By Lauren Costa
There is consistent scientific argument that greenhouse gas emissions generated by human activity will change Earth’s climate. Human health has always been linked and influenced by weather and climate change. Fluctuations in climate and altering extreme weather patterns affect the environment that directly provides us with healthy air, food, water, shelter, and security. Climate change combined with other natural and human-made threats, risk human health in many ways. These different health impacts are already being experienced in the United States. There is an abundance of growing evidence that climate change cause increasing health risks and has already contributed to the increased morbidity and mortality in many places in the world. Climate change can affect human health in two main ways; first, by changing the frequency of health problems that are already affected by climate or weather factors. and second, by making unanticipated health problems or health threats in places and times where they have not previously occurred
“The World Health Organisation estimates that the warming and precipitation trends due to anthropogenic climate change of the past 30 years already claim over 150,000 lives annually. Many prevalent human diseases are linked to climate fluctuations, from cardiovascular mortality and respiratory illnesses due to heatwaves, to altered transmission of infectious diseases and malnutrition from crop failures” (Patz). Through extensive research, Jonathan A. Patz and Diarmid Campbell-Lendrum found that global average temperatures are projected to rise between 1.4 and 5.8 degrees celsius by the end of the century. Sea level is expected to increase 40 cm, putting a number of humans at risk for flooding, by the end of 2080.
Looking specially into non-infectious health effects, Europe has shown what this can begin to look like for humans. The summer of 2003 was Europe’s hottest summer in over 500 years, with average temperatures 3.5 8C. That summer approximately 22,000 heat-related deaths occurred across Europe in just two weeks, making it the most shocking example of health risks due from temperature change. Reflecting from this extreme scenario, the European heatwave in 2003 was well outside the range of expected climate variability. Exposure to extreme heat can lead to heat stroke and dehydration, as well as cardiovascular, respiratory, and cerebrovascular disease. The connection between climate change and regional heatwaves show a large potential for more frequent and more severe heat waves in a future warmer world. Warmer average temperatures will lead to hotter days and more frequent and longer heat waves. These changes will lead to an increase in heat-related deaths. Exposure to both extreme hot and cold weather is correlated with increased morbidity and mortality.
Climate change also causes infectious diseases. Vectorborne diseases are illness that are carried by disease vectors. Most common vectors include mosquitoes, ticks, and fleas. These vectors are prone to carrying infectious pathogens, such as viruses, bacteria, and protozoa, from animals to humans. Research found that changes in temperature, precipitation, and extreme events, increases the spread of diseases circulating by vectors and can lead to illnesses occurring earlier in the year.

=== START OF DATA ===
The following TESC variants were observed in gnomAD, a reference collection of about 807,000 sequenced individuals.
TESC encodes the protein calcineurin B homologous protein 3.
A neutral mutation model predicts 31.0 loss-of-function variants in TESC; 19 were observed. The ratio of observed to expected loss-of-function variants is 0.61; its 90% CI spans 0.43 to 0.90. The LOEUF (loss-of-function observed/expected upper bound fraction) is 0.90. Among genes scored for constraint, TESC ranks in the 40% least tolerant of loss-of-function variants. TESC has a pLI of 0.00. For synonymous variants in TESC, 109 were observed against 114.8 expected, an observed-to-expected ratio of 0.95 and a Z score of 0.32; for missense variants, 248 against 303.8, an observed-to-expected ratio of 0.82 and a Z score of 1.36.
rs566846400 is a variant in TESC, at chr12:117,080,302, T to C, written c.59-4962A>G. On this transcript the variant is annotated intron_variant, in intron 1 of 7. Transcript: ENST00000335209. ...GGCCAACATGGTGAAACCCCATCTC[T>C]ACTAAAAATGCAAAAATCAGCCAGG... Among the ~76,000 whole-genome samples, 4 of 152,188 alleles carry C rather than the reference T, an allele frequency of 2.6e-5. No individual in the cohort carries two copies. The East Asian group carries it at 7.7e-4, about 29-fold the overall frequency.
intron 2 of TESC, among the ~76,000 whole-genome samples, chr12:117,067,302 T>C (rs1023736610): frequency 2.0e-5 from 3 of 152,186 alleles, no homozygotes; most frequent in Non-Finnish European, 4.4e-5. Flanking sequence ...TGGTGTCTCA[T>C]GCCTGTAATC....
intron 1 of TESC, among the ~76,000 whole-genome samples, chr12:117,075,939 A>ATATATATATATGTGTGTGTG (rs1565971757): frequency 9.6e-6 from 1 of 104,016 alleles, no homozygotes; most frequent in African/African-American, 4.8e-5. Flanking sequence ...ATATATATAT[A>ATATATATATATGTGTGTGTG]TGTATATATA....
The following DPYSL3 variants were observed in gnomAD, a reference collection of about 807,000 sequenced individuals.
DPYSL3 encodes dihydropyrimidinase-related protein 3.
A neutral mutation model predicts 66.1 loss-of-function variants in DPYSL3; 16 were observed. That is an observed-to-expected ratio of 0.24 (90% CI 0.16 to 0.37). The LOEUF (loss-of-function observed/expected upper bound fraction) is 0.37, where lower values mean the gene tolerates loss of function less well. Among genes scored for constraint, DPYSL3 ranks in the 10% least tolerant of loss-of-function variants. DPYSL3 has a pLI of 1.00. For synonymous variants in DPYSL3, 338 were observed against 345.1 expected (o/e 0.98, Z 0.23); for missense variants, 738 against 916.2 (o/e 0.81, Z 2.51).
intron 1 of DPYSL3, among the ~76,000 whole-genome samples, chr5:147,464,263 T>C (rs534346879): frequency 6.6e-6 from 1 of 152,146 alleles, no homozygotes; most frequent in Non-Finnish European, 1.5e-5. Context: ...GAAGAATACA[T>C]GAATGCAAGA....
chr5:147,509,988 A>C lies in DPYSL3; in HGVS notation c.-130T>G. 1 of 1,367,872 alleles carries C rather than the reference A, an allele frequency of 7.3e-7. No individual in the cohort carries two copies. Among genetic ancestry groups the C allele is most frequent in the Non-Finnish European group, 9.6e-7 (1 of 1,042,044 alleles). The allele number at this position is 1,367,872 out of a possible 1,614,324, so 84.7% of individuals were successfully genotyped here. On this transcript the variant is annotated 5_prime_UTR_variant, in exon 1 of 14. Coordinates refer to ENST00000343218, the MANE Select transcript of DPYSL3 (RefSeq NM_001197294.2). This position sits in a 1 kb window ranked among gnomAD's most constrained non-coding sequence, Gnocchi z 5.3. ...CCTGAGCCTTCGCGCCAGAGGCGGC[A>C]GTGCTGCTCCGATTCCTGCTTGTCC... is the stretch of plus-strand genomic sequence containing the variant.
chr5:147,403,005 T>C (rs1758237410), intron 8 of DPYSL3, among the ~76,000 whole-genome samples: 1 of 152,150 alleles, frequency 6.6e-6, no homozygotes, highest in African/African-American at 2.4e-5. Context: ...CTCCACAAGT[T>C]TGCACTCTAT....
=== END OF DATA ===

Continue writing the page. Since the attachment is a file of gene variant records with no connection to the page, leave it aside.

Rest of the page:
Manutation remains one of the largest health crises worldwide and according to the World Health Organization, approximately 800 million people are currently undernourished, with close to half of these living in Africa (Patz). Droughts and extreme weather conditions and have a direct impacts on growing food and can influence the food supply.
Research shows there is a profound impact between climate change and the link to infectious diseases. People can fall ill if exposed to contaminated drinking or recreational water. “Climate change increases the risk of illness through increasing temperature, more frequent heavy rains and runoff, and the effects of storms”(epa.org). Health impacts have been linked to gastrointestinal illness like diarrhea, effects on the body’s nervous and respiratory systems, or liver and kidney damage.
Overall, there is enormous amounts of evidence pointing to climate change impacting human health. These impacts threaten our health by affecting the food we eat, the water we drink, the air we breathe, and the weather we experience. Although the impacts seen danting and extreme, there are a lot we can do to prepare for and adapt to these changes. Understanding the threats of climate change on human health will help to lower the risk and be prepared for the future to come.
“Climate Impacts on Human Health.” EPA, Environmental Protection Agency, 13 Jan. 2017, 19january2017snapshot.epa.gov/climate-impacts/climate-impacts-human-health_.html.
Patz, Jonathan A., and Diarmid Campbell Lendrum. “Impact of Regional Climate Change on Human Health.” Nature, 17 Nov. 2005, www.nature.com/articles/nature04188.
Motavalli, Jim. “Connecting the dots: the emerging science of conservation medicine links human and animal health with the environment.” E, Nov.-Dec. 2004, p. 26+. Environmental Studies and Policy, rlib.pace.edu/login?url=http://go.galegroup.com.rlib.pace.edu/ps/i.do?p=PPES&sw=w&u=nysl_me_pace&v=2.1&it=r&id=GALE%7CA125335738&asid=4ffd0597fae9d8960595c5b823891479. Accessed 19 Nov. 2017.
Stowell, Jennifer D., et al. “The Impact of Climate Change and Emissions Control on Future Ozone Levels: Implications for Human Health.” Environment International, vol. 108, Nov. 2017, pp. 41-50. EBSCOhost, doi:10.1016/j.envint.2017.08.001.
Weldu, Yemane W. “Life Cycle Human Health and Ecosystem Quality Implication of Biomass-Based Strategies to Climate Change Mitigation.” Renewable Energy: An International Journal, vol. 108, Aug. 2017, pp. 11-18. EBSCOhost, doi:10.1016/j.renene.2017.02.046.